Latest MotoGP News

MotoGP Considering Team Communication via Dashboards

Dorna is considering allowing communication between teams and riders via the dashboard. At a meeting today between Dorna and the teams, initial discussions took place over a system to allow teams to pass very brief messages to the dashboard of the bikes.

The ability to pass messages between team and bike has been made possible thanks to the transponders currently being used in MotoGP. Those allow for a very limited and very short burst of communication as the bikes pass the timing loops at the track. Race Direction is currently using the system to pass signals to the dash in the case of a red flag, black flag or ride through penalty, but the system would also allow teams a limited ability to pass messages to the riders.

2016 Austria MotoGP Thursday Round Up: New Tracks, New Challenges

In the last few years, the MotoGP season has shown remarkable stability. New tracks have been added from time to time, but the calendar has been very similar from one year to the next. Even though you get to go to some of the most amazing tracks in the world, the travel becomes routine, humdrum almost. You get to know the road from the hotel to the track, the circuit itself, the idiosyncrasies of each paddock, each media center, like the back of your hand. It becomes almost like a daily commute to an office. Almost, but not quite.

So new circuits have something a little special. They bring fresh faces, new ideas. There are new routes to learn to the circuit, a new paddock layout, figuring the most efficient path through the paddock. As a journalist, each media center has its own secrets. The best place to sit to get a view of the TV screens, whether the setting sun in the evening will end up shining on your laptop making it impossible to work, where to sit to avoid being whacked on the head by cameras as photographers try to squeeze past. You make note of which media center has good coffee, and which has none (Italy, surprisingly). You scout the paddock for food, if you do not wish to wear out your welcome at the hospitality units of various teams.

The Red Bull Ring in Austria has something special too. The track is different, in both good and bad ways, both simpler and at the same time more complicated. The media center, too, is different. It is quite simply the most luxurious media center I have ever been in. Fast WiFi (and more importantly, free, instead of the €30 to €50 which most tracks charge), plenty of big HD screens, a very airy and roomy space. Most amazing of all, the media center also has its own buffet, serving a wide selection of food throughout lunch time. At some tracks, such as Austin, we get a free lunch; at others, we get free bread rolls with meat and cheese. But I have never seen a media center with such an expansive spread of food. All those young people buying overpriced caffeinated sugar water are helping to ensure a bunch of old men are very well fed.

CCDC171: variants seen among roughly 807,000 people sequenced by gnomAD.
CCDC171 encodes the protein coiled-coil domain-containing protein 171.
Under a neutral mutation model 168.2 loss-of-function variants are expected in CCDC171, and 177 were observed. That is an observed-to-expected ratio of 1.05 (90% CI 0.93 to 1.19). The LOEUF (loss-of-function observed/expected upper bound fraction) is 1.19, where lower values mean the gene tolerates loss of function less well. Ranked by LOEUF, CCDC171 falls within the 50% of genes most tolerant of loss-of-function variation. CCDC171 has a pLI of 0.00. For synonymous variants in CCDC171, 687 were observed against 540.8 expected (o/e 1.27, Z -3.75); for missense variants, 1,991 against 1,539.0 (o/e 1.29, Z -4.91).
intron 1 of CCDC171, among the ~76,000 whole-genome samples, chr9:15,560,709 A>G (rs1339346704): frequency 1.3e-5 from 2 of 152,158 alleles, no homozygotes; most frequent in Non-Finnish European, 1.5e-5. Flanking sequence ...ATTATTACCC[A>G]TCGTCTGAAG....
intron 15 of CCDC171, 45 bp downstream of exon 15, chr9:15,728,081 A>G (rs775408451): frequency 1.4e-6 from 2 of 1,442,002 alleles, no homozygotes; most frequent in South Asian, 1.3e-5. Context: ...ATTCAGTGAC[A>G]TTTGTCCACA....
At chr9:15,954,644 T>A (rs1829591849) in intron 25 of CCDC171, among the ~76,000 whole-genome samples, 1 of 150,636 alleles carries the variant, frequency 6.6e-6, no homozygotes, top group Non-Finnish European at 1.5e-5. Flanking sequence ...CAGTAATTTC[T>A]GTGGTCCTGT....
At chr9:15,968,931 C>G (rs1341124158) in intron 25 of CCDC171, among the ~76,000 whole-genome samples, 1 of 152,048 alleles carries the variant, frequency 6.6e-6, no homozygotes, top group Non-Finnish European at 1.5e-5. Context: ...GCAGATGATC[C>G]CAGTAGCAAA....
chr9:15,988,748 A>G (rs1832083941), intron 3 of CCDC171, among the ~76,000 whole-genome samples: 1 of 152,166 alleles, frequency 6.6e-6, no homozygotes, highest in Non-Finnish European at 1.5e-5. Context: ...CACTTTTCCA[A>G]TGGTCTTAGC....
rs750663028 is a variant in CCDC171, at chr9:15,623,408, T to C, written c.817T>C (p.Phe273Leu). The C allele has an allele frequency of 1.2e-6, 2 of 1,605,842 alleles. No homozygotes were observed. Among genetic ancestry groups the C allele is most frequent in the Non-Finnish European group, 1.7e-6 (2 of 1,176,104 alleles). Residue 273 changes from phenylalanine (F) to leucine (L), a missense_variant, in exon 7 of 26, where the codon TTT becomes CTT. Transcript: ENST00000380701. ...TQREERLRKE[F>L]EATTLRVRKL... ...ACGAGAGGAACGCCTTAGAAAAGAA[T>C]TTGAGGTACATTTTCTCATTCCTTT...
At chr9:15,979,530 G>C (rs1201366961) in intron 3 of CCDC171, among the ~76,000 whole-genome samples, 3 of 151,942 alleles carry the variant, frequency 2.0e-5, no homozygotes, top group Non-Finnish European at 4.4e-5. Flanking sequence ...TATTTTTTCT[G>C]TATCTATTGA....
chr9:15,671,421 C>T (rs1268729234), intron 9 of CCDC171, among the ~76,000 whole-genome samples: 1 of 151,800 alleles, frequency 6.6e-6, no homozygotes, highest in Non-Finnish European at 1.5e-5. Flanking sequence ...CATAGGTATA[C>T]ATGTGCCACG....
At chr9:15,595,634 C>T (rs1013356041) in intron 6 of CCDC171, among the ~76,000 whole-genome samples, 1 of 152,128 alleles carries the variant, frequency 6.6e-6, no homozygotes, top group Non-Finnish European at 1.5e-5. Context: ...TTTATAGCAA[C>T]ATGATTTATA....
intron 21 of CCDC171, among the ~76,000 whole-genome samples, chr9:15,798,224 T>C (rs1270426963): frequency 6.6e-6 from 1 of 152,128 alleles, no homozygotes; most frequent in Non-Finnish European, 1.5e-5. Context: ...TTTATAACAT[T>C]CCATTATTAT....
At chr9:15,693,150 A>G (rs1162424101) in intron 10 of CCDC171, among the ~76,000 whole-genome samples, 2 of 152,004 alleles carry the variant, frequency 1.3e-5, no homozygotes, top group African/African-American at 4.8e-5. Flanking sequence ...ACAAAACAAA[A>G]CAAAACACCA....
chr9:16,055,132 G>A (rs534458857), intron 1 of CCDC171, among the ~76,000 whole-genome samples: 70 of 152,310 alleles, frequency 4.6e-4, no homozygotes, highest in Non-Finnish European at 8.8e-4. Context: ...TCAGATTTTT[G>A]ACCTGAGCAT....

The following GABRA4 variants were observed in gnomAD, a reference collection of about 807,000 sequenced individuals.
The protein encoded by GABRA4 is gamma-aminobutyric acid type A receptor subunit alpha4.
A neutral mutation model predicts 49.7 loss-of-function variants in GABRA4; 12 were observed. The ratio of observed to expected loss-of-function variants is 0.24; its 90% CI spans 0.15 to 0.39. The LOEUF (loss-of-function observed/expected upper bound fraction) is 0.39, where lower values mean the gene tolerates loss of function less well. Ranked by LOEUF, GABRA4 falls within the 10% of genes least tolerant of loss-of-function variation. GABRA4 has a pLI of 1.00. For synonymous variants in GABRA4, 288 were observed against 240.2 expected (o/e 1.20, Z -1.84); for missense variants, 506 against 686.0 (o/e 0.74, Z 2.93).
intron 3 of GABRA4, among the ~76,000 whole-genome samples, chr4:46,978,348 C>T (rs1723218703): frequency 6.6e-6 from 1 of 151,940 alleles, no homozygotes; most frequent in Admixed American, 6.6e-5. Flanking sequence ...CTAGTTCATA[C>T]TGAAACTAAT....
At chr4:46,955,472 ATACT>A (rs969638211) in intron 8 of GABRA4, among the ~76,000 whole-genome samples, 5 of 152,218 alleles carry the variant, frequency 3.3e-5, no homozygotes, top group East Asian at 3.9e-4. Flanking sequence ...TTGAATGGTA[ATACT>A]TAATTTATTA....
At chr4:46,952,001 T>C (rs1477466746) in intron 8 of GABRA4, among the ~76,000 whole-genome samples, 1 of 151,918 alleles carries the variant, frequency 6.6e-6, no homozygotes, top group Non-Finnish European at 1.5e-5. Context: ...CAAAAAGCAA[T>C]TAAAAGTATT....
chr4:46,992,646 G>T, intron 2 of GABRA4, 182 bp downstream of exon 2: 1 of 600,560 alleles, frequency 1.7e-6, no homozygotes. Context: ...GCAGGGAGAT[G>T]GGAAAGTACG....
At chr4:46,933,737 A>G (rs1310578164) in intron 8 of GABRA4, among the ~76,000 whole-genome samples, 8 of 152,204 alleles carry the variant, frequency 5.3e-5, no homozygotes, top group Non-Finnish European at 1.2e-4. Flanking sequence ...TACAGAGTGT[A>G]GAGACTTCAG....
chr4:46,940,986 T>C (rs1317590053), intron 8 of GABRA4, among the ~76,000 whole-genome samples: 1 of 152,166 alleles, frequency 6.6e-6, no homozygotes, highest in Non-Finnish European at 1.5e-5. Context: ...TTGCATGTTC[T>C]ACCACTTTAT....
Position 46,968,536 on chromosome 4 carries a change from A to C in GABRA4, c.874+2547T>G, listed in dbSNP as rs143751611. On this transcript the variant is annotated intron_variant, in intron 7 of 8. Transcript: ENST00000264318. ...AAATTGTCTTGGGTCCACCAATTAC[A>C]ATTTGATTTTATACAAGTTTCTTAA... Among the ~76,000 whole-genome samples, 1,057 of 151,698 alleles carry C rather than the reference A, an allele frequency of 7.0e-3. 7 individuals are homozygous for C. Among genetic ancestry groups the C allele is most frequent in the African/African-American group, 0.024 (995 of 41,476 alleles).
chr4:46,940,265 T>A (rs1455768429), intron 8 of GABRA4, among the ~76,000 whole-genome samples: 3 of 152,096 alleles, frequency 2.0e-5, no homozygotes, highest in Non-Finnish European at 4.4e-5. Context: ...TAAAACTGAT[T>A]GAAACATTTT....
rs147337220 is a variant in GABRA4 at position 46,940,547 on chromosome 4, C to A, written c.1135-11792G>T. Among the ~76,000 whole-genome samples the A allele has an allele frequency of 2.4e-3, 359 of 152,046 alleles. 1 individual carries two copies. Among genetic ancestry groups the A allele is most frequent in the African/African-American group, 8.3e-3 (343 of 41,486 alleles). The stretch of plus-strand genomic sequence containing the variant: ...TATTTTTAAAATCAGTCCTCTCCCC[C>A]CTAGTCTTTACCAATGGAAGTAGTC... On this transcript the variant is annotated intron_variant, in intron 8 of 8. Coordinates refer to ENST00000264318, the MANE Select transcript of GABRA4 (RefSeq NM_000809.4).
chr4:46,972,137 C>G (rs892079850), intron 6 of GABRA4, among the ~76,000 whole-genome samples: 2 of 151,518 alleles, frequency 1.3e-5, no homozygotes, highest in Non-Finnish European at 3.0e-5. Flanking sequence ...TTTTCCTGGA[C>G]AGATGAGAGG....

Austria Track Layout Changed - Turn 10 Modified For Safety Concerns

The MotoGP test in Austria brought to light several safety issues with the Red Bull Ring. At least one of those issues is to be addressed before the start of the Austrian round of MotoGP. After consultation with several members of the Safety Commission, the FIM Safety Officer Franco Uncini has ordered the final corner, Turn 10, to be modified.

2016 Austria MotoGP Preview - Into the Unknown, Powered by Sugar Water

There is a lot of money to be made by using clever marketing to sell caffeinated sugar water to the gullible. So much money, in fact, that you can afford your own air force and your own space program. That money can be further multiplied by staging your own sporting events in sports that suit your brand, such as freestyle mountain biking, or motocross, though it is best not to ask about competitor insurance. This should probably not come as a surprise, though, from a company owned by someone who threatened to shut down a TV station when the people who worked there wanted to convene a works council.

The peddling of sugar water generates enough revenue to fund not one, but two Formula One teams, a soccer team or four, as well as backing large numbers of racers and teams in all forms of two-wheeled competition. It may seem churlish to complain about energy drink companies, given the amount of money they pump into motorsports, but that money also creates a major risk.

2016 MotoGP Mid-Season Review Part 13: What Remains, from Bradley Smith to Yonny Hernandez

In the final part of our mid-season review of MotoGP, we come to the ragtag bunch bringing up the rear. From Bradley Smith to Yonny Hernandez, nearly all have a valid excuse for their poor results. But excuses count for nothing in motorcycle racing.